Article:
Breaking Down the Levels of Skyview Elementary

Level one is to diagnose and identify student's needs. This can be done through the use of assessments. Curriculum and assessments fully define what students will fully learn; where curriculum lays out what students will learn, assessments show what they have learned (Danielson, 2002). Skyview staff spent two days diagnosing and sharing information on every student. they used students past performances, consulted with parents, principal, and the district for support to identify the students in need of help. Grade level and small group tutors are used to aid the students. Level two is grade level intervention. If students need additional help, the teacher relies on the use of grade level teams. Meetings are held during the school day to focus on the specific needs. District coaches work with the entire grade level to identify best practices. Level three is vertical team support. This level targets specific skills students might have missed in previous grades. The vertical team of teachers travels with the student as they advance throughout the school. All teachers know about the student so when the next teacher gets the student he or she is ready. Log sheets are kept for successes and future interventions with specific timelines. Level four is the cross grade and volunteer support. This support is the most intensive providing support before and after school through homework clubs, small group instruction, high school and college students, parents, buddy systems and one on one counseling.

This pyramid of intervention works because it is a collaborative effort with the staff, parents and outside sources. Every teacher was fully committed to the intervention as well as the student. Successes for the student are monitored from day and continue throughout the student's education.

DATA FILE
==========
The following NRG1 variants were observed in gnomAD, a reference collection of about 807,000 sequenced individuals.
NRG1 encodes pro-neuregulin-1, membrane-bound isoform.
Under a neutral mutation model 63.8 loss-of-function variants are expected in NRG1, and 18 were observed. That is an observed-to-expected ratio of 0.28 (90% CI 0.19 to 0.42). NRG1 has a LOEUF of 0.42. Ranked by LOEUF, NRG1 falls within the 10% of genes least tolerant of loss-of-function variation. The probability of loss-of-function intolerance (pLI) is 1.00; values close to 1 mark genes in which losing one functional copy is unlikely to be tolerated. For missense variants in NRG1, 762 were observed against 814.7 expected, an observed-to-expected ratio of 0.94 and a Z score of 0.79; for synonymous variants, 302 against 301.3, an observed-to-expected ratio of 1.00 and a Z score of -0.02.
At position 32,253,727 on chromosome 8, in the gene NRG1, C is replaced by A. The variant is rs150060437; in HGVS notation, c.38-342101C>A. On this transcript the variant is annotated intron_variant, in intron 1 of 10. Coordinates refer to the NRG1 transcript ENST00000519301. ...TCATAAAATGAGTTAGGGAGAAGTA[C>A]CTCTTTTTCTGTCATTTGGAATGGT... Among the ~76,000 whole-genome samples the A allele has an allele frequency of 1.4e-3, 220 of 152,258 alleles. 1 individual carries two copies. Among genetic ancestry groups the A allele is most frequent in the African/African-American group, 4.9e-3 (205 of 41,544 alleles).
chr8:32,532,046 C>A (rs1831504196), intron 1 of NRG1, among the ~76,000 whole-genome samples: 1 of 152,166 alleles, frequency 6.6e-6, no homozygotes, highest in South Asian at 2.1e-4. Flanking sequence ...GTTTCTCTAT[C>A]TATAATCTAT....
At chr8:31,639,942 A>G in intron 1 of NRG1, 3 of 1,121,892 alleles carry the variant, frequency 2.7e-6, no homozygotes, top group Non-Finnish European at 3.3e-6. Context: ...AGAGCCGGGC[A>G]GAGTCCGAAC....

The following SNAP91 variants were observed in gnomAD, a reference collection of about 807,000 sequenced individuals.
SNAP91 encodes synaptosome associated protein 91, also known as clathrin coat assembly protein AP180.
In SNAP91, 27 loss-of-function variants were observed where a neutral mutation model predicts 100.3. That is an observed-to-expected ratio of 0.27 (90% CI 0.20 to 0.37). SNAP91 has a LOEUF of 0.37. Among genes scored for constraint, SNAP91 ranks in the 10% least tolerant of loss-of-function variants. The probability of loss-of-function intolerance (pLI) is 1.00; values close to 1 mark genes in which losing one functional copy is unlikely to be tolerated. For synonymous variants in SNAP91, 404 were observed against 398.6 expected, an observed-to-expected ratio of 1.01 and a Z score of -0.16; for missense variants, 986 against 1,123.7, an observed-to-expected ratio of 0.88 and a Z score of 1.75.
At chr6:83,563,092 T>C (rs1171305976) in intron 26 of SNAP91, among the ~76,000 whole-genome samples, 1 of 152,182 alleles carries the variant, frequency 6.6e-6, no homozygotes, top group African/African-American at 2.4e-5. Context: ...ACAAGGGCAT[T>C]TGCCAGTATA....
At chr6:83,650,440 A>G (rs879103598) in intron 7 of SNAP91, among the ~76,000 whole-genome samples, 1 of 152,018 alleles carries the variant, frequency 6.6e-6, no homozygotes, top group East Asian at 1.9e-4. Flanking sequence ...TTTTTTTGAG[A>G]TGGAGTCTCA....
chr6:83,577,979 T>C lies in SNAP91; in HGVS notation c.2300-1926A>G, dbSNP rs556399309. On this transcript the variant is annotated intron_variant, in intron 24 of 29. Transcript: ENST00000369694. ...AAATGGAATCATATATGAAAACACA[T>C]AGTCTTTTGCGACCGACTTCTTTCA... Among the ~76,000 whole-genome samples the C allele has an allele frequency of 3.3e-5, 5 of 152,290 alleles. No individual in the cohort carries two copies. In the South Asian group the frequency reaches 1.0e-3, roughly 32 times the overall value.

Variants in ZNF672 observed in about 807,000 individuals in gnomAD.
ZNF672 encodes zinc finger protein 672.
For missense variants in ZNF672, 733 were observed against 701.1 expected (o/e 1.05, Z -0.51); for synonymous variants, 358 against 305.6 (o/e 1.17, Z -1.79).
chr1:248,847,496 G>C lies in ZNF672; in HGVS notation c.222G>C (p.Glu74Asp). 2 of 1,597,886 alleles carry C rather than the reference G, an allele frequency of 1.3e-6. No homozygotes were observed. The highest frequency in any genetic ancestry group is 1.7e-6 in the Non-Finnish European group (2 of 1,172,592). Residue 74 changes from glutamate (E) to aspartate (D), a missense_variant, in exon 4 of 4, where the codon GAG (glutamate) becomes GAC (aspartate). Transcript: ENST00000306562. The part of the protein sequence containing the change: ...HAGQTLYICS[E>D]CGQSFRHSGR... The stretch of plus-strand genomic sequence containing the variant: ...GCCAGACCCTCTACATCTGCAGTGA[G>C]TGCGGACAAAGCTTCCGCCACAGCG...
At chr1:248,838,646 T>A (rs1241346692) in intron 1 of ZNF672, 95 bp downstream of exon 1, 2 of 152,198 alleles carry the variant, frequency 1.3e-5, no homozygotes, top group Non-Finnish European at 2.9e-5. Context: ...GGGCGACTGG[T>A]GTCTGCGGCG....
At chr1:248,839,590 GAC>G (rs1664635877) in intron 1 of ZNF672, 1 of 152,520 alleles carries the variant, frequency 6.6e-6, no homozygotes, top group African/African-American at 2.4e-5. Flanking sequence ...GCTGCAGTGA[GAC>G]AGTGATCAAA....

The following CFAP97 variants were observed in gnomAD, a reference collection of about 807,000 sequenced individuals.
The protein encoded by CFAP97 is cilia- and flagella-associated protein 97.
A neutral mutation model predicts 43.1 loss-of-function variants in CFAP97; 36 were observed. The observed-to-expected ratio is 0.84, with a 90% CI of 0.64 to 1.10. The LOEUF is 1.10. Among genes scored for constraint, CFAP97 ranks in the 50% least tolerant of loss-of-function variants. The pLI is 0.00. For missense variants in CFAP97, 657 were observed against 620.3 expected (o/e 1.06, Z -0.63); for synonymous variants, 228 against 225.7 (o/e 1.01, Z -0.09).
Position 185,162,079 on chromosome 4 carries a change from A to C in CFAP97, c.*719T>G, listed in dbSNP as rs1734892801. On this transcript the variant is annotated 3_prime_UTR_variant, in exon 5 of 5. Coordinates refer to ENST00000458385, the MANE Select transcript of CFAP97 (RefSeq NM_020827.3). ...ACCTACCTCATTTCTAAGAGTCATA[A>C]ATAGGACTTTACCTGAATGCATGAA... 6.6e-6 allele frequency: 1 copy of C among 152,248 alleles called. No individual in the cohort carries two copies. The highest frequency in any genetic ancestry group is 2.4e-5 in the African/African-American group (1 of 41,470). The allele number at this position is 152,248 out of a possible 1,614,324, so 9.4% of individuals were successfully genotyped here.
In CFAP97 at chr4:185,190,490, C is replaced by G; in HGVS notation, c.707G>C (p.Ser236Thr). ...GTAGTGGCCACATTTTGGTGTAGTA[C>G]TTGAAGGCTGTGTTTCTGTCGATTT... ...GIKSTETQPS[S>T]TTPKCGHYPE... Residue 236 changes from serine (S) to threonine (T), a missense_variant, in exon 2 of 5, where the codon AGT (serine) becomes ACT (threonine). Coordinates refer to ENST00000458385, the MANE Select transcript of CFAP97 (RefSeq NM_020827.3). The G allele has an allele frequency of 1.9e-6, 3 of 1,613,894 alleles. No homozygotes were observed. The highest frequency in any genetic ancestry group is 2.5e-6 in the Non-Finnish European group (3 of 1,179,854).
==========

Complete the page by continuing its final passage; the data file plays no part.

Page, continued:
POI, Curriculum, and Instructional Strategies

Curriculum and instruction are so closely related that they are often used as one. The curriculum can be referred to as the roadmap of learning which focuses on important skills that are needed to be productive in society. Instruction is the creation and implementation of purposefully developed plans for the teaching of curriculum content (Yates, 2000).

When designing a pyramid of intervention (POI) a school should use the same method as most schools do in designing a curriculum. Most experts use a design down approach when designing a curriculum; they begin with the end in mind and design the curriculum backwards from there (Danielson, 2002). That end of course would be to graduate and produce highly educated skilled members of society. Unfortunately, achievement has become so closely tied to test scores that educators sometimes lose perspective of the larger goal of graduating all students prepared for postsecondary training leading to a career (Mac Iver, 2010).

POI provides the framework that aligns the instructional strategies with a standards based curriculum. These strategies are designed to be specific for that student using differentiated instruction, which involves in school and out of school instruction.


Teachers are a major part of a pyramid of intervention. If the teacher is weak or ineffective then no plan for intervention will work. If the teacher has not adopted the new mission that all students will be proficient then POI will not work. If the teacher is not good with working with teams then POI will not work.

The Egyptians built pyramids in layers. Each layer is built to support the other. The first layer is the base, which contains most of the stones, and the top contains the least amount of stones, which are hardly needed. Because of this design, pyramids that are built 4000 years ago still exist today. The reason pyramids still exist is they have a good base or foundation that all the other bricks rest on. In a school, system if the foundation is weak then the rest of the school will be weak. The first thing a school would need to do is get their mission statement in order. This should be a collaborative effort involving all stakeholders. Once that is in order the school can work on getting all teachers to accept that all students can learn. Professional development should be mandatory for teachers and administrators. The professional development should include in addition to instructional strategies, assessments, data writing and interpreting, team building, and curriculum design.